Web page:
What's the trick to p4/amd optomization?

I hear alot about code optamization, but I want to know how you do it? I’ve got an Athalon X2 dual core amd64 processor, and here’s the gcc options that I use:
-O3 -march=k8

it doesn’t seem to make much of a difference, what can I do?

The kind of optimization you’re hearing about has to do with the way it is converted to machine code.

Programs written in high-level languages (things humans like to read, like C/C++, Python, etc.) don’t really represent the details of how the computer likes to think of things.

As an example, here is someting simple in C:

int Least_Common_Multiple( int a, int b ) {

  int ma = a;
  int nb = b;

  while (ma != nb) {
    if (ma < nb) ma += a;
    else         nb += b;

  return ma;

Here it is in Assembly language:

lcm proc near
    push ebp
    mov  ebp, esp
    push ebx
    mov  ecx, dword ptr [ebp +12]  ; ecx <-- b
    mov  ebx, dword ptr [ebp +8]   ; ebx <-- a

    mov  edx, ebx                  ; edx <-- ma
    mov  eax, ecx                  ; eax <-- nb

    cmp  eax, edx                  ; enter the while loop
    je   short @3

    cmp  eax, edx                  ; if part
    jle  short @4
    add  edx, ebx
    jmp  short @5

    add  eax, ecx                  ; else part

    cmp  eax, edx                  ; while test (again)
    jne  short @2

    mov  eax, edx                  ; eax <-- result (ma)

    pop  ebx                       ; end function
    pop  ebp
lcm endp

The first thing to notice is that it looks like it takes a lot more to do it. It’s really the same thing, but the computer can only do little things at a time. For the ‘if part’, the computer first compares the two integers (cmp), then jumps if less than or equal (jle) to the ‘else part’ (pay attention to the fact that register eax is ‘b’ and edx is ‘a’. (A jump is a goto.)

The next thing to notice is how some things are optimized. The value of ‘a’ is first gotten from memory (the stack for you coders out there) and stored in one of the computer’s named, quick-access memories called registers: eax, ebx, ecx, et cetera.

One thing that was not optimized very well was the while loop condition. You’ll notice that it appears twice. Once to enter the loop and again at the end to repeat or exit the loop.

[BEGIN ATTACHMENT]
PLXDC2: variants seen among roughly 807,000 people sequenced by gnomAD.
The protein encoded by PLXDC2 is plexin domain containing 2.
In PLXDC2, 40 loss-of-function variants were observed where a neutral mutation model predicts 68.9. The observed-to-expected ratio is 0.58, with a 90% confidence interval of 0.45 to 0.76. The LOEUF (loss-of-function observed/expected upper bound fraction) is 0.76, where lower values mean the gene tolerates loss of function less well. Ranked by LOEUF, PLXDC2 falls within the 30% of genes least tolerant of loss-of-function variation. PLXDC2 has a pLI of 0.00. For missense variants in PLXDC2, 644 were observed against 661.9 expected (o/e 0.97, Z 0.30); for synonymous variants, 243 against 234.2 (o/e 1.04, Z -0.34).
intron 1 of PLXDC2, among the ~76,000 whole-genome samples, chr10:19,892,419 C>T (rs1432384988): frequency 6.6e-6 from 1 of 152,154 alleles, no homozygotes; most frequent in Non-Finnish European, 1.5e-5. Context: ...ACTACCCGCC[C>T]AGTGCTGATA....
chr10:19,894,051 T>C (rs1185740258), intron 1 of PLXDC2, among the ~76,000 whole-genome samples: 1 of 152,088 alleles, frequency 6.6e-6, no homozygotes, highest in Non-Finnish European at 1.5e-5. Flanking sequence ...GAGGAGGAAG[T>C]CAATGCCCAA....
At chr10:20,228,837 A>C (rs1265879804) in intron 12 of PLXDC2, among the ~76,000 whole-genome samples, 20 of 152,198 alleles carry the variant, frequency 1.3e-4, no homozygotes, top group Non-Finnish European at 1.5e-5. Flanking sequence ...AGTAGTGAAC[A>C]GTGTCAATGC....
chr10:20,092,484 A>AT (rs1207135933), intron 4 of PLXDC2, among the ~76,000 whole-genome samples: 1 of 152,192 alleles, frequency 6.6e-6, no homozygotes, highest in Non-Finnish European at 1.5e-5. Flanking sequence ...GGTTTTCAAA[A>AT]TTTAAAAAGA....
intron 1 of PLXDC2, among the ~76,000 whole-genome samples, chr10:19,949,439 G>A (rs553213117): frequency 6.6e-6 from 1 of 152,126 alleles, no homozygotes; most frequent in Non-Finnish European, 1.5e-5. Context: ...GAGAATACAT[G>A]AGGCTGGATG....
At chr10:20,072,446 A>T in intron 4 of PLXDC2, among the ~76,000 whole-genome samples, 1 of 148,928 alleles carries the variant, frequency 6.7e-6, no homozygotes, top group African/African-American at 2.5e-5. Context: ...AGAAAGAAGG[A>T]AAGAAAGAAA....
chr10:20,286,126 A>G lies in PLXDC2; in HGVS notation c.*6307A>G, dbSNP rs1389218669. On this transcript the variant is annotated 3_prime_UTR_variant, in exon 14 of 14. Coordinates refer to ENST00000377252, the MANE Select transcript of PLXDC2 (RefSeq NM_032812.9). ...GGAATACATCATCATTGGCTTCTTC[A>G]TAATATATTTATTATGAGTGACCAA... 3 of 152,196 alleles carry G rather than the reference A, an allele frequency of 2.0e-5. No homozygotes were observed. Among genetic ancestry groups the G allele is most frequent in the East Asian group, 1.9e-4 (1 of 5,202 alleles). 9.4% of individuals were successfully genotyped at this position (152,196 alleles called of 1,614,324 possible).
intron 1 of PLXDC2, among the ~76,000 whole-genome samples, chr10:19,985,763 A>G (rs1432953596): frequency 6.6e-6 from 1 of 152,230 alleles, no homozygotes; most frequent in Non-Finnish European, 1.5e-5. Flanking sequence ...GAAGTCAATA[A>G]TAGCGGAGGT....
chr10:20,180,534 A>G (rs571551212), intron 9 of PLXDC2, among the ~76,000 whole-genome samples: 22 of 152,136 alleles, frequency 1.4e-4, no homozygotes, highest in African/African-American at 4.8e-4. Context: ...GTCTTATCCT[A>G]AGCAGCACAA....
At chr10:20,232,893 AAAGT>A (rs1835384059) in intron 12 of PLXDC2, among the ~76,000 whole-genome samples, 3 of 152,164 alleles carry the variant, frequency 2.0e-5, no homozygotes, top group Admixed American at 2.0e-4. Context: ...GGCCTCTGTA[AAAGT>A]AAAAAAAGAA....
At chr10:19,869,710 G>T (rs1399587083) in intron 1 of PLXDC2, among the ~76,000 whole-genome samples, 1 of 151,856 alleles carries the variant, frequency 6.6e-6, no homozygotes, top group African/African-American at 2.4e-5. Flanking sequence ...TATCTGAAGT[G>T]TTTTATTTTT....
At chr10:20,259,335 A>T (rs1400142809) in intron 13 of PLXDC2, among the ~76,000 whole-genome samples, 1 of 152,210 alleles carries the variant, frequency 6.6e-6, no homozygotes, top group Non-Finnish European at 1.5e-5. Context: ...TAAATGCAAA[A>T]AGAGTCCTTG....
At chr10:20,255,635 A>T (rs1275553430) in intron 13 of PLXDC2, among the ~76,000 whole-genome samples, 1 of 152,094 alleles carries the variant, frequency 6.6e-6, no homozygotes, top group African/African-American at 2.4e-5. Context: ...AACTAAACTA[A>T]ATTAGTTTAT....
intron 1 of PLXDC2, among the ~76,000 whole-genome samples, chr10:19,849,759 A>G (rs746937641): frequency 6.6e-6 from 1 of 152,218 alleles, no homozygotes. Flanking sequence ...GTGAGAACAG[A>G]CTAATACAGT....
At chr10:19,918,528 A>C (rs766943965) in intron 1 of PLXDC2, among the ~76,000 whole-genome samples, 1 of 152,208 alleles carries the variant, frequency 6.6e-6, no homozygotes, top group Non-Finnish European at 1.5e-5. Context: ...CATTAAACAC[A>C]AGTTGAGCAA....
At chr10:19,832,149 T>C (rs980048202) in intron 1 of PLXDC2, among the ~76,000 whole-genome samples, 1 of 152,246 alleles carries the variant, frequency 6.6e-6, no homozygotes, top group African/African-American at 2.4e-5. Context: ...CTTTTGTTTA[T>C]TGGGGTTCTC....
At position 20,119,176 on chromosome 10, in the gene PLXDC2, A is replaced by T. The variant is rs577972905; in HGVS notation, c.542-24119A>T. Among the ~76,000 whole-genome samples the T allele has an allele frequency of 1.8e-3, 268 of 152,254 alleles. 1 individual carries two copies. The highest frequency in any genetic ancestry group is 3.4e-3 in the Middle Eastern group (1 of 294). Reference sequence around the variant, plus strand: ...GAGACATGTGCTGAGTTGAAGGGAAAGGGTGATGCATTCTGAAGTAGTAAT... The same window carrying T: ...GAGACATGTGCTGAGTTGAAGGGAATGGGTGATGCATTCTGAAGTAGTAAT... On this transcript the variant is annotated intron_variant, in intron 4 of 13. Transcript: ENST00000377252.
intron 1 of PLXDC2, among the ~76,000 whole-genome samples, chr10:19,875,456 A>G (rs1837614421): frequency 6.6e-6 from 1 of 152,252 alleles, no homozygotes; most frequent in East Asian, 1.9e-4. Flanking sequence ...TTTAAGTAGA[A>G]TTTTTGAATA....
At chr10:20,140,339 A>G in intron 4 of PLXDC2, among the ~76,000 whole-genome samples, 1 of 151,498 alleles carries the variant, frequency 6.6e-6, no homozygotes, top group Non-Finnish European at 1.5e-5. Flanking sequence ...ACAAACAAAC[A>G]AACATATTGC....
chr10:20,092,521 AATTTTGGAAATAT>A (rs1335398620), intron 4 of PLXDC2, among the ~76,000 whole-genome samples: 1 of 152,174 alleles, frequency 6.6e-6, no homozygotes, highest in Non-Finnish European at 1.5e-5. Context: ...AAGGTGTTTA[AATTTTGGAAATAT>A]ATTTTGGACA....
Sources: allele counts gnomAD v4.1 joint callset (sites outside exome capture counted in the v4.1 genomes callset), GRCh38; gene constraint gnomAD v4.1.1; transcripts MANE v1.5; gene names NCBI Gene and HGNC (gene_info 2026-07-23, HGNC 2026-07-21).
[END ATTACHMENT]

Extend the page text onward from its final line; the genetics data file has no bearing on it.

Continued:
A better optimization would replace the ‘enter the loop’ part with a single instruction to just jump right away to @5. This makes the code smaller (by a few bytes) and doesn’t impact its speed significantly.

What you’ve been looking at above is 80386+ assembly code. That’s fine if you’re using a PC, but what if you’re computer uses a Motorola chip (Mac, SunSparc, etc.)? The assembly code, even though it does the same thing, looks and works differently. Some things work faster on one type of hardware while trying the same thing on another hardware could actually make it slower.

The Intel-Optimized Blender builds are compiled (converted to assembly --> machine code) to maximize speed and space (in that order). This is done using compilers that are specifically designed with an Intel processor in mind, instead of a general-purpose compiler like the GCC.

Hope this answers your question.

There is a thread regarding this topic:


I understand all that, but now do I tell the compiler to optomize with amd64 in mind?
I’ve tried to optomize it before, but it doesn’t seem to speed things up, and I want to know what I’m doing wrong?

you might not be doing anything wrong except trying to use gcc [though I don’t know about the intel compilier and 64 bit output]

-O3 -pipe -ffast-math -funroll-all-loops -fomit-frame-pointer -momit-leaf-frame-pointer -mfpmath=sse -march=yourcpu

for some reason scons provides marginally faster build than plain make.

This article should help you with what gcc compiler switches to use for amd64